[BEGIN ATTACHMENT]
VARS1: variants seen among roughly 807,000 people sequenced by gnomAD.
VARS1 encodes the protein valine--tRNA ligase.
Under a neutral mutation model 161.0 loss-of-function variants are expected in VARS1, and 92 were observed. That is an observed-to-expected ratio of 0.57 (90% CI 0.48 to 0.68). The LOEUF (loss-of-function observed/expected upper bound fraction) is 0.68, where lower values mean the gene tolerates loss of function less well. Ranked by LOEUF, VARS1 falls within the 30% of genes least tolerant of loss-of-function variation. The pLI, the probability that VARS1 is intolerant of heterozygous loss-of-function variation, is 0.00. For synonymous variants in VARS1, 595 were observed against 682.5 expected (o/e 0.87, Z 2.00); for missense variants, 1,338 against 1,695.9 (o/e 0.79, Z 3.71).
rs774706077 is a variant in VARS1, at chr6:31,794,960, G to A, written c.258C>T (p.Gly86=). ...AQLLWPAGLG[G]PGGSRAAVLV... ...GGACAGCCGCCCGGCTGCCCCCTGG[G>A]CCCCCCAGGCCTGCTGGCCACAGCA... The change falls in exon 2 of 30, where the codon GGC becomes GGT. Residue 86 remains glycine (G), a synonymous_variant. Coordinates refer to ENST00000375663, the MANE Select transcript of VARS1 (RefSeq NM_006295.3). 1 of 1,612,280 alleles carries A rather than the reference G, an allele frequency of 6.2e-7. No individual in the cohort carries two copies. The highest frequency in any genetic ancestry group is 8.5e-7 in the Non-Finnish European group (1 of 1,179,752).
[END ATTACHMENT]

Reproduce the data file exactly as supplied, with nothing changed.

VARS1: variants seen among roughly 807,000 people sequenced by gnomAD.
VARS1 encodes the protein valine--tRNA ligase.
Under a neutral mutation model 161.0 loss-of-function variants are expected in VARS1, and 92 were observed. That is an observed-to-expected ratio of 0.57 (90% CI 0.48 to 0.68). The LOEUF (loss-of-function observed/expected upper bound fraction) is 0.68, where lower values mean the gene tolerates loss of function less well. Ranked by LOEUF, VARS1 falls within the 30% of genes least tolerant of loss-of-function variation. The pLI, the probability that VARS1 is intolerant of heterozygous loss-of-function variation, is 0.00. For synonymous variants in VARS1, 595 were observed against 682.5 expected (o/e 0.87, Z 2.00); for missense variants, 1,338 against 1,695.9 (o/e 0.79, Z 3.71).
rs774706077 is a variant in VARS1, at chr6:31,794,960, G to A, written c.258C>T (p.Gly86=). ...AQLLWPAGLG[G]PGGSRAAVLV... ...GGACAGCCGCCCGGCTGCCCCCTGG[G>A]CCCCCCAGGCCTGCTGGCCACAGCA... The change falls in exon 2 of 30, where the codon GGC becomes GGT. Residue 86 remains glycine (G), a synonymous_variant. Coordinates refer to ENST00000375663, the MANE Select transcript of VARS1 (RefSeq NM_006295.3). 1 of 1,612,280 alleles carries A rather than the reference G, an allele frequency of 6.2e-7. No individual in the cohort carries two copies. The highest frequency in any genetic ancestry group is 8.5e-7 in the Non-Finnish European group (1 of 1,179,752).